If this is a tableau that High-Rise, this year's Derby victor, has in mind, he is in for a bit of a start. There will be no silk dressing gowns, no long afternoons of pleasure for Luca Cumani's colt in 1999. Instead, he will be thrashing himself round some of the most competitive races on the planet. For God's sake, don't tell him.
Unless a telegram bearing lots of zeroes arrives on the mat of High-Rise's owner, Sheikh Mohammed Obaid Al Maktoum, the colt is likely to become only the second Derby winner of the 1990s to compete as a four-year-old. The example of Quest For Fame, the 1990 winner, is not a stirring one. His career continued with limited success in the United States.
In recent times the Epsom winners' enclosure has been a holding bay on the way to the Far East. Five of the last seven Blue Riband victors have gone to Japan. This one is staying, for the time being, "unless we get a very large offer".
"The bottom line is that he is a horse that ran only once at two, and he's not going to have that many races at three," Anthony Stroud, the racing manager to Sheikh Obaid, added yesterday. "The owner has never really had a top horse and he's got one here. And racing is all about racing your top horses.
"It's so hard to get a good horse that I think owners are becoming more sporting. If you look at the prices at Keeneland recently, things are hotting up, but it's a question of balancing enjoyment and finance. Some people are lucky enough to be able to afford a horse in training as a four-year-old.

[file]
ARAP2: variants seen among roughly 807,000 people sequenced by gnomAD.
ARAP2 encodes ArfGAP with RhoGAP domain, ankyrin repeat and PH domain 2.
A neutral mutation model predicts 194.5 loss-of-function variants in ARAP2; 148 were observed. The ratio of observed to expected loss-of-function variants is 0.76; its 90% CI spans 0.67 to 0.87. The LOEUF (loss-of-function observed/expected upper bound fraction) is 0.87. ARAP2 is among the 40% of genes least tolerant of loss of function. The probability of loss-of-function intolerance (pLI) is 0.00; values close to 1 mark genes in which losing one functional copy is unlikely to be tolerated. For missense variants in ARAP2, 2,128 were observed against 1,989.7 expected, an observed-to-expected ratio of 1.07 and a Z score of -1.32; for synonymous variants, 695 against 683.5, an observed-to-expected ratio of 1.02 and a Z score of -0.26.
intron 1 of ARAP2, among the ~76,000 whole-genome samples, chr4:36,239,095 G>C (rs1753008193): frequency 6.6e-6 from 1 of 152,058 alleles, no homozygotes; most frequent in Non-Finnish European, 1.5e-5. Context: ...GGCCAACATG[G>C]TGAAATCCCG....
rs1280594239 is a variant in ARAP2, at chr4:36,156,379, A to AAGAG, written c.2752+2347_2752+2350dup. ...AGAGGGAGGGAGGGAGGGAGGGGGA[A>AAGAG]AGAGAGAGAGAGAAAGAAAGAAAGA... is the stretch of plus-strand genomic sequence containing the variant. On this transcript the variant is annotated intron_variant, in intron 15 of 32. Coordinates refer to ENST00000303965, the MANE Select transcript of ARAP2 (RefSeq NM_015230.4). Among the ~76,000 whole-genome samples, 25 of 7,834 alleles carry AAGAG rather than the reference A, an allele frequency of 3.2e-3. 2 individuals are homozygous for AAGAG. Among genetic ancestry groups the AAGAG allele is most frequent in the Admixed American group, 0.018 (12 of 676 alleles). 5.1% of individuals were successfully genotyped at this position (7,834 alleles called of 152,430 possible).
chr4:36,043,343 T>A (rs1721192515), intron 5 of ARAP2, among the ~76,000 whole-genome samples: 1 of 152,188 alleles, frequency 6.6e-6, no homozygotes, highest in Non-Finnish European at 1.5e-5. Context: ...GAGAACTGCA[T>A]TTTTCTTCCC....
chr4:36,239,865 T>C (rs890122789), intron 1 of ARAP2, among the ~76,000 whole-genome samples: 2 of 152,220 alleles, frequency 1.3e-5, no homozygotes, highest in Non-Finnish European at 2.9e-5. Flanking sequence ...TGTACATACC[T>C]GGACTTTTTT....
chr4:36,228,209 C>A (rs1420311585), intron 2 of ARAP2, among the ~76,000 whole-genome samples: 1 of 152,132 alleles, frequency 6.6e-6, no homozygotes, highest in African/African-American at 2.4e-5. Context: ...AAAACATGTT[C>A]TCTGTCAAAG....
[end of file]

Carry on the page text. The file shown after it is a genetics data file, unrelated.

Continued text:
"From a stallion point of view too, you've got to say he'll only enhance his reputation if he does well at four."
High-Rise has certainly not done badly at all at two and three, even if he has yet to become the magnetic figure of some of his predecessors. The garlands will surely come though if he can collect the Prix de l'Arc de Triomphe, his next race, in October. That will almost necessarily mean revenge over his King George VI & Queen Elizabeth Stakes conqueror, Swain, as well as the disposal of Dream Well, the season's other outstanding three-year-old.
After that, the plan makes itself. "I just wish there were more mile and a half races for him because effectively there are only four," Stroud said. "Next year it will be the Coronation Cup, King George, the Arc and the Breeders' Cup."
The breeding shed's loss is now Cumani's gain and it can be argued the Italian deserves a change of luck with his better horses. The Newmarket trainer, as much as anyone, suffered when the Americans and the Aga Khan withdrew their good blood in the late 1980s. Now he's back. And this time he means business.
While Derby horses have been regularly whisked away, the overall pattern recently has been for more quality animals to stay in training. "I think the trend has been bucked," Stroud added. "Peintre Celebre, Swain, Singspiel and Pilsudksi have shown that. It was different in the days of El Gran Senor and The Minstrel, but now it's changed."
Sheikh Obaid himself will hardly have been put off by his great good fortune this year. He has an interest in just three horses a season and, this campaign, has been represented by High-Rise and the filly Zomaradah, who won the Group One Oaks d'Italia at Milan in May. He has earned over pounds 1m in prize money. He's also probably very good at Trifectas.
Perhaps the Sheikh's only disappointment of the season was when High- Rise surrendered his unbeaten record at Ascot. "Looking back on the King George, he was a bit unlucky," Stroud said. "Olivier [Peslier] got himself into a pocket, running up horses, and Swain went at that vital time.
"We lost half a length and, though we might not have won, we would have finished closer. We lost impetus, but Swain is a battler and if the two had got down to running head-to-head it would have been an interesting contest.
"But we didn't lose anything in defeat. It doesn't undervalue him to lose to a champion. He's a horse to look forward to. It's good to have heroes."
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